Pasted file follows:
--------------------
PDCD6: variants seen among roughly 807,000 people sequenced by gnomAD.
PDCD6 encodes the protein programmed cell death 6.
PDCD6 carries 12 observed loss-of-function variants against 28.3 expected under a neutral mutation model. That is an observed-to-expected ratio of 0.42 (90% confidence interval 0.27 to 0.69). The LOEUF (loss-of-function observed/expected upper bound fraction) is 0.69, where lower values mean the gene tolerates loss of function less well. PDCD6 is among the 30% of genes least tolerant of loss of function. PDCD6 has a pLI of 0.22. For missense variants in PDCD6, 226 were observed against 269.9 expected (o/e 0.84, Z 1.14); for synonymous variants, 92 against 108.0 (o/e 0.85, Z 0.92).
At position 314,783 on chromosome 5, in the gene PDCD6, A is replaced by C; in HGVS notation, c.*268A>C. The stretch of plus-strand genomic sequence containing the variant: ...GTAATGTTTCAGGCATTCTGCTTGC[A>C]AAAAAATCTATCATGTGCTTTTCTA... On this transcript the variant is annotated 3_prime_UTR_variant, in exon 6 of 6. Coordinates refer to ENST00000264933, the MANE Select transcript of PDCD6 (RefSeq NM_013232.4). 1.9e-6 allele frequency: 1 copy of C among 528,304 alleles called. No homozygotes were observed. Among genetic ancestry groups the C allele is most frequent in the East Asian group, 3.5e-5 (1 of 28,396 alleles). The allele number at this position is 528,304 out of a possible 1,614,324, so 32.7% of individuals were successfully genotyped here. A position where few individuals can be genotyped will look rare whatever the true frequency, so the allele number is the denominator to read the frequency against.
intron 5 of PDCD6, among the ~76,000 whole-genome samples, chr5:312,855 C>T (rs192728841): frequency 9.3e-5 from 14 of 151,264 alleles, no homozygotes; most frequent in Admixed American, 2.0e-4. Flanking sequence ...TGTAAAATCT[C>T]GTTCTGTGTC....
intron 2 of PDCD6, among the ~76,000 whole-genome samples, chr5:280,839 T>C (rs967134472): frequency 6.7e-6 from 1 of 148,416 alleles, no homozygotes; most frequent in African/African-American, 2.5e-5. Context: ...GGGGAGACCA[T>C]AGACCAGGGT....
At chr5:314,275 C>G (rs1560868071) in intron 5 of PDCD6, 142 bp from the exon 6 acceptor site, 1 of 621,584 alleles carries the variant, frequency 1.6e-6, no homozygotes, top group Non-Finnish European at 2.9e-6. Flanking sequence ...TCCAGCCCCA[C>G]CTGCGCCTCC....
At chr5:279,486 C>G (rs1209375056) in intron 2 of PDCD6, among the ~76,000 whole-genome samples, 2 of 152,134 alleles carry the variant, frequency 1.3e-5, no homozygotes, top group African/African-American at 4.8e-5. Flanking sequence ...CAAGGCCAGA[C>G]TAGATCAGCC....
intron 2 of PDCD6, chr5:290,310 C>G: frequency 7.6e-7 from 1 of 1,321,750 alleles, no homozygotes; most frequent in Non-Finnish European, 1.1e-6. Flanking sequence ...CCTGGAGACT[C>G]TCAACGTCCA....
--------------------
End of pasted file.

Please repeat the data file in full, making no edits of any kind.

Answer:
PDCD6: variants seen among roughly 807,000 people sequenced by gnomAD.
PDCD6 encodes the protein programmed cell death 6.
PDCD6 carries 12 observed loss-of-function variants against 28.3 expected under a neutral mutation model. That is an observed-to-expected ratio of 0.42 (90% confidence interval 0.27 to 0.69). The LOEUF (loss-of-function observed/expected upper bound fraction) is 0.69, where lower values mean the gene tolerates loss of function less well. PDCD6 is among the 30% of genes least tolerant of loss of function. PDCD6 has a pLI of 0.22. For missense variants in PDCD6, 226 were observed against 269.9 expected (o/e 0.84, Z 1.14); for synonymous variants, 92 against 108.0 (o/e 0.85, Z 0.92).
At position 314,783 on chromosome 5, in the gene PDCD6, A is replaced by C; in HGVS notation, c.*268A>C. The stretch of plus-strand genomic sequence containing the variant: ...GTAATGTTTCAGGCATTCTGCTTGC[A>C]AAAAAATCTATCATGTGCTTTTCTA... On this transcript the variant is annotated 3_prime_UTR_variant, in exon 6 of 6. Coordinates refer to ENST00000264933, the MANE Select transcript of PDCD6 (RefSeq NM_013232.4). 1.9e-6 allele frequency: 1 copy of C among 528,304 alleles called. No homozygotes were observed. Among genetic ancestry groups the C allele is most frequent in the East Asian group, 3.5e-5 (1 of 28,396 alleles). The allele number at this position is 528,304 out of a possible 1,614,324, so 32.7% of individuals were successfully genotyped here. A position where few individuals can be genotyped will look rare whatever the true frequency, so the allele number is the denominator to read the frequency against.
intron 5 of PDCD6, among the ~76,000 whole-genome samples, chr5:312,855 C>T (rs192728841): frequency 9.3e-5 from 14 of 151,264 alleles, no homozygotes; most frequent in Admixed American, 2.0e-4. Flanking sequence ...TGTAAAATCT[C>T]GTTCTGTGTC....
intron 2 of PDCD6, among the ~76,000 whole-genome samples, chr5:280,839 T>C (rs967134472): frequency 6.7e-6 from 1 of 148,416 alleles, no homozygotes; most frequent in African/African-American, 2.5e-5. Context: ...GGGGAGACCA[T>C]AGACCAGGGT....
At chr5:314,275 C>G (rs1560868071) in intron 5 of PDCD6, 142 bp from the exon 6 acceptor site, 1 of 621,584 alleles carries the variant, frequency 1.6e-6, no homozygotes, top group Non-Finnish European at 2.9e-6. Flanking sequence ...TCCAGCCCCA[C>G]CTGCGCCTCC....
At chr5:279,486 C>G (rs1209375056) in intron 2 of PDCD6, among the ~76,000 whole-genome samples, 2 of 152,134 alleles carry the variant, frequency 1.3e-5, no homozygotes, top group African/African-American at 4.8e-5. Flanking sequence ...CAAGGCCAGA[C>G]TAGATCAGCC....
intron 2 of PDCD6, chr5:290,310 C>G: frequency 7.6e-7 from 1 of 1,321,750 alleles, no homozygotes; most frequent in Non-Finnish European, 1.1e-6. Flanking sequence ...CCTGGAGACT[C>G]TCAACGTCCA....